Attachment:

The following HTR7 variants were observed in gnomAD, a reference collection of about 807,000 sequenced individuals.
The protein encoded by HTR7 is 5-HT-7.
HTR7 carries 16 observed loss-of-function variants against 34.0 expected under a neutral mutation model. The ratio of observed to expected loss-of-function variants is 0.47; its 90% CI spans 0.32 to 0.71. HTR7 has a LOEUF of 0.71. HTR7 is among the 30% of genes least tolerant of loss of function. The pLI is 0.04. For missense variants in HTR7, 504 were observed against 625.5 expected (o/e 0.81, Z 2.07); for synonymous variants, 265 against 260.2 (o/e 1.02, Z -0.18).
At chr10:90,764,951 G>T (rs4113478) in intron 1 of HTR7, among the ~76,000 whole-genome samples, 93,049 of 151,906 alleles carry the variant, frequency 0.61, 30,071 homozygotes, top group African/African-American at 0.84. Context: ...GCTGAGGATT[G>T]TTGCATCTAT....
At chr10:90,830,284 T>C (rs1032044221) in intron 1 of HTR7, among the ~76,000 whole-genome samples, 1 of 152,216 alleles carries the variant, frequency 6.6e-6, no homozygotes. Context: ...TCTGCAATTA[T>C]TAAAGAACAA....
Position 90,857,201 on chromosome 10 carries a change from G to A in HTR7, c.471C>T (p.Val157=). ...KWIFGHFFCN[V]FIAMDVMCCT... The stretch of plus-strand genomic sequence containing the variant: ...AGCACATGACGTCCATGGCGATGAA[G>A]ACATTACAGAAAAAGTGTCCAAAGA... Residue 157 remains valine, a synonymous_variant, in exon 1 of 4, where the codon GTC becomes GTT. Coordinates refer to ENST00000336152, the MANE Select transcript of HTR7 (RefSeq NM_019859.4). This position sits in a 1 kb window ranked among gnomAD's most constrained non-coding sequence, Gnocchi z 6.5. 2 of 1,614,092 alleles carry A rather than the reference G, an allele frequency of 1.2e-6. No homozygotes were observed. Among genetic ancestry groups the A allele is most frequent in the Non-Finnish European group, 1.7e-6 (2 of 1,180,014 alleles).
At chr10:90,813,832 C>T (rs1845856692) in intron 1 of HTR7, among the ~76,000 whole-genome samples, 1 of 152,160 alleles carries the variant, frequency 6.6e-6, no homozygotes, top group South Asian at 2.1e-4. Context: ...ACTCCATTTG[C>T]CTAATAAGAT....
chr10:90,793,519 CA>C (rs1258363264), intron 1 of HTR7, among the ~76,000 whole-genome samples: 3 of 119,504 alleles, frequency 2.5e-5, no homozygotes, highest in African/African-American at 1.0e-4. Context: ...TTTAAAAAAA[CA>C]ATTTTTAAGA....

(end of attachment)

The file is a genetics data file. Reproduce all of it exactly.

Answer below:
The following HTR7 variants were observed in gnomAD, a reference collection of about 807,000 sequenced individuals.
The protein encoded by HTR7 is 5-HT-7.
HTR7 carries 16 observed loss-of-function variants against 34.0 expected under a neutral mutation model. The ratio of observed to expected loss-of-function variants is 0.47; its 90% CI spans 0.32 to 0.71. HTR7 has a LOEUF of 0.71. HTR7 is among the 30% of genes least tolerant of loss of function. The pLI is 0.04. For missense variants in HTR7, 504 were observed against 625.5 expected (o/e 0.81, Z 2.07); for synonymous variants, 265 against 260.2 (o/e 1.02, Z -0.18).
At chr10:90,764,951 G>T (rs4113478) in intron 1 of HTR7, among the ~76,000 whole-genome samples, 93,049 of 151,906 alleles carry the variant, frequency 0.61, 30,071 homozygotes, top group African/African-American at 0.84. Context: ...GCTGAGGATT[G>T]TTGCATCTAT....
At chr10:90,830,284 T>C (rs1032044221) in intron 1 of HTR7, among the ~76,000 whole-genome samples, 1 of 152,216 alleles carries the variant, frequency 6.6e-6, no homozygotes. Context: ...TCTGCAATTA[T>C]TAAAGAACAA....
Position 90,857,201 on chromosome 10 carries a change from G to A in HTR7, c.471C>T (p.Val157=). ...KWIFGHFFCN[V]FIAMDVMCCT... The stretch of plus-strand genomic sequence containing the variant: ...AGCACATGACGTCCATGGCGATGAA[G>A]ACATTACAGAAAAAGTGTCCAAAGA... Residue 157 remains valine, a synonymous_variant, in exon 1 of 4, where the codon GTC becomes GTT. Coordinates refer to ENST00000336152, the MANE Select transcript of HTR7 (RefSeq NM_019859.4). This position sits in a 1 kb window ranked among gnomAD's most constrained non-coding sequence, Gnocchi z 6.5. 2 of 1,614,092 alleles carry A rather than the reference G, an allele frequency of 1.2e-6. No homozygotes were observed. Among genetic ancestry groups the A allele is most frequent in the Non-Finnish European group, 1.7e-6 (2 of 1,180,014 alleles).
At chr10:90,813,832 C>T (rs1845856692) in intron 1 of HTR7, among the ~76,000 whole-genome samples, 1 of 152,160 alleles carries the variant, frequency 6.6e-6, no homozygotes, top group South Asian at 2.1e-4. Context: ...ACTCCATTTG[C>T]CTAATAAGAT....
chr10:90,793,519 CA>C (rs1258363264), intron 1 of HTR7, among the ~76,000 whole-genome samples: 3 of 119,504 alleles, frequency 2.5e-5, no homozygotes, highest in African/African-American at 1.0e-4. Context: ...TTTAAAAAAA[CA>C]ATTTTTAAGA....